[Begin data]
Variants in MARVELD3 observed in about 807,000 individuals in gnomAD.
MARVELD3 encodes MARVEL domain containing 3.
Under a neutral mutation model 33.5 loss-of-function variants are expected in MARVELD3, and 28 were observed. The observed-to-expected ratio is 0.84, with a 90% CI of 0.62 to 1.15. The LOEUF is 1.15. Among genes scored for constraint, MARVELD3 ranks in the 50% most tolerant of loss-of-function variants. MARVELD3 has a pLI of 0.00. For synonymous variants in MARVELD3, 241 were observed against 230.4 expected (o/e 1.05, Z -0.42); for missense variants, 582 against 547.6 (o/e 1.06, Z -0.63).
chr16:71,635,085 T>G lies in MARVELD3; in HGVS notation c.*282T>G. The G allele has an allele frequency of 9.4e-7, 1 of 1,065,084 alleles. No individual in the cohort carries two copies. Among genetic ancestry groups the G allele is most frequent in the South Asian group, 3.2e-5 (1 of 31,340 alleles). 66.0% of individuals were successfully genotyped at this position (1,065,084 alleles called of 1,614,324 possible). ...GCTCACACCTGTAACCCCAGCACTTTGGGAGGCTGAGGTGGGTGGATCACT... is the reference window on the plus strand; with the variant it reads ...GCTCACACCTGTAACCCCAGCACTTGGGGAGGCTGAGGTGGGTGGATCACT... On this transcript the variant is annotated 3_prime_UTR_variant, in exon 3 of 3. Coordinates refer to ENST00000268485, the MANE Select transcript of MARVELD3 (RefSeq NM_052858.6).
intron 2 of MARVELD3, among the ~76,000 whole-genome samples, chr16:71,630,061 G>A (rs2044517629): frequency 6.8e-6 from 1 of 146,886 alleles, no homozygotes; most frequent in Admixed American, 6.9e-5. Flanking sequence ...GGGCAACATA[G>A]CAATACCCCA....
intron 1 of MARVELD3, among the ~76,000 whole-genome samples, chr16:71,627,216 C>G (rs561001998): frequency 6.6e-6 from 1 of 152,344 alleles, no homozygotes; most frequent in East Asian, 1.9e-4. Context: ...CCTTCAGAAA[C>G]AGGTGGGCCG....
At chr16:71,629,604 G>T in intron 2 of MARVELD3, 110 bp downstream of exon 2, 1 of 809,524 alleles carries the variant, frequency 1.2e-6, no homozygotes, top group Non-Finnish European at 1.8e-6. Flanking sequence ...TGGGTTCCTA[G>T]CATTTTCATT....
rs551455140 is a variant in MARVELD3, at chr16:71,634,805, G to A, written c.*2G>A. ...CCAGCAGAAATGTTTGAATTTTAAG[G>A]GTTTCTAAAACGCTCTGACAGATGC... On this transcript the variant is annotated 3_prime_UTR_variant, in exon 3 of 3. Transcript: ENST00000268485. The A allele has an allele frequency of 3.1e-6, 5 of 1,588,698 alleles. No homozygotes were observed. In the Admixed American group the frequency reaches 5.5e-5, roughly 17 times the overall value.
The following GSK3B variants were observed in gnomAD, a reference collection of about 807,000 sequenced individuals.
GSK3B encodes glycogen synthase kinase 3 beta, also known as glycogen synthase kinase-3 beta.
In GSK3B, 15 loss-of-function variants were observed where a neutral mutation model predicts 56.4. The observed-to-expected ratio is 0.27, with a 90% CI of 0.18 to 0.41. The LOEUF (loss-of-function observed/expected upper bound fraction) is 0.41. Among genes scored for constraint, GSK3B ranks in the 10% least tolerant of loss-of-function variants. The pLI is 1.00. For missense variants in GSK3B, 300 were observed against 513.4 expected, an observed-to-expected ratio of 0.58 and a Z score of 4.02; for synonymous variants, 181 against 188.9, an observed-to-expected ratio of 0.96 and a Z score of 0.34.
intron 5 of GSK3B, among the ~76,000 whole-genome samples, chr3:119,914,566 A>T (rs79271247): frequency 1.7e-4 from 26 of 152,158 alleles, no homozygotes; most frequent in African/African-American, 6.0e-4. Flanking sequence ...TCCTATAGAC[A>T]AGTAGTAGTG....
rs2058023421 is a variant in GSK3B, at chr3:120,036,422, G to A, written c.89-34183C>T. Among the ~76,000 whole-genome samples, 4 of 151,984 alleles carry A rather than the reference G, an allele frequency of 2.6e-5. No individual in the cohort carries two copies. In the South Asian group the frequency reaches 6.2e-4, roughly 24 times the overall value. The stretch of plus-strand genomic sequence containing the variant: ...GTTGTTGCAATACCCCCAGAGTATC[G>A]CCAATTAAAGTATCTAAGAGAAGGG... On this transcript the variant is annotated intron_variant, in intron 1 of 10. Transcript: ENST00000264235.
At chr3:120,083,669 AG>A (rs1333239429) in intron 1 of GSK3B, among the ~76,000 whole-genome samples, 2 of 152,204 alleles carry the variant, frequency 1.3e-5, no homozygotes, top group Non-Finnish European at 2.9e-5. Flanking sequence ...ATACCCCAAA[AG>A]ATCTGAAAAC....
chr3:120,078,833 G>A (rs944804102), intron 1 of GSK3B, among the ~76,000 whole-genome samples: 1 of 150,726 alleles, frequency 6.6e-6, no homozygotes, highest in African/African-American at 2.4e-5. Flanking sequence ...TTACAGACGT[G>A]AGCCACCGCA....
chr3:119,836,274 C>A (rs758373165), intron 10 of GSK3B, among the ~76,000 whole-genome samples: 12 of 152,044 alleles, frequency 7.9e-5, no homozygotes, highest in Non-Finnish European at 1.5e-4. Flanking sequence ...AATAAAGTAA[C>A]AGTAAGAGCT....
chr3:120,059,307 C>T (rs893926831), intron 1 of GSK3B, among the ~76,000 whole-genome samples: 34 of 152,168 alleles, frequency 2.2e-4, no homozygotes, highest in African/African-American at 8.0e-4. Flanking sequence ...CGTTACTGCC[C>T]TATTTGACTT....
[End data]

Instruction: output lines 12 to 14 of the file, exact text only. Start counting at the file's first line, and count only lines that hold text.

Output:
intron 5 of GSK3B, among the ~76,000 whole-genome samples, chr3:119,914,566 A>T (rs79271247): frequency 1.7e-4 from 26 of 152,158 alleles, no homozygotes; most frequent in African/African-American, 6.0e-4. Flanking sequence ...TCCTATAGAC[A>T]AGTAGTAGTG....
rs2058023421 is a variant in GSK3B, at chr3:120,036,422, G to A, written c.89-34183C>T. Among the ~76,000 whole-genome samples, 4 of 151,984 alleles carry A rather than the reference G, an allele frequency of 2.6e-5. No individual in the cohort carries two copies. In the South Asian group the frequency reaches 6.2e-4, roughly 24 times the overall value. The stretch of plus-strand genomic sequence containing the variant: ...GTTGTTGCAATACCCCCAGAGTATC[G>A]CCAATTAAAGTATCTAAGAGAAGGG... On this transcript the variant is annotated intron_variant, in intron 1 of 10. Transcript: ENST00000264235.
At chr3:120,083,669 AG>A (rs1333239429) in intron 1 of GSK3B, among the ~76,000 whole-genome samples, 2 of 152,204 alleles carry the variant, frequency 1.3e-5, no homozygotes, top group Non-Finnish European at 2.9e-5. Flanking sequence ...ATACCCCAAA[AG>A]ATCTGAAAAC....